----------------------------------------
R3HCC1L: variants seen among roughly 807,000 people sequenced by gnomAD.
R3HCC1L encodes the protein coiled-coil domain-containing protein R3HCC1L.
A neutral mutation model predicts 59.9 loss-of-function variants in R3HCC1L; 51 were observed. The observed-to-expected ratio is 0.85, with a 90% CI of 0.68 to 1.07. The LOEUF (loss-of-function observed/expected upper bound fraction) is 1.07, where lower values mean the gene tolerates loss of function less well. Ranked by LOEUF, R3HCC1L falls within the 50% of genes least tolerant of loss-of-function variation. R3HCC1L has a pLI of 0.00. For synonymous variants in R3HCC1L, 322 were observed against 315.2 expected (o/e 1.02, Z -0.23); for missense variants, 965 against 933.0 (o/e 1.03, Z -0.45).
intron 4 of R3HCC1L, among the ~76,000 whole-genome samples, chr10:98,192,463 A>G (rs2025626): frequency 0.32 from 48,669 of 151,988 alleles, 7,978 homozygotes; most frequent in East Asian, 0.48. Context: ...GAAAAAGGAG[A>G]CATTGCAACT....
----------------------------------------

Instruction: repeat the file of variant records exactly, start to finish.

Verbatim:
R3HCC1L: variants seen among roughly 807,000 people sequenced by gnomAD.
R3HCC1L encodes the protein coiled-coil domain-containing protein R3HCC1L.
A neutral mutation model predicts 59.9 loss-of-function variants in R3HCC1L; 51 were observed. The observed-to-expected ratio is 0.85, with a 90% CI of 0.68 to 1.07. The LOEUF (loss-of-function observed/expected upper bound fraction) is 1.07, where lower values mean the gene tolerates loss of function less well. Ranked by LOEUF, R3HCC1L falls within the 50% of genes least tolerant of loss-of-function variation. R3HCC1L has a pLI of 0.00. For synonymous variants in R3HCC1L, 322 were observed against 315.2 expected (o/e 1.02, Z -0.23); for missense variants, 965 against 933.0 (o/e 1.03, Z -0.45).
intron 4 of R3HCC1L, among the ~76,000 whole-genome samples, chr10:98,192,463 A>G (rs2025626): frequency 0.32 from 48,669 of 151,988 alleles, 7,978 homozygotes; most frequent in East Asian, 0.48. Context: ...GAAAAAGGAG[A>G]CATTGCAACT....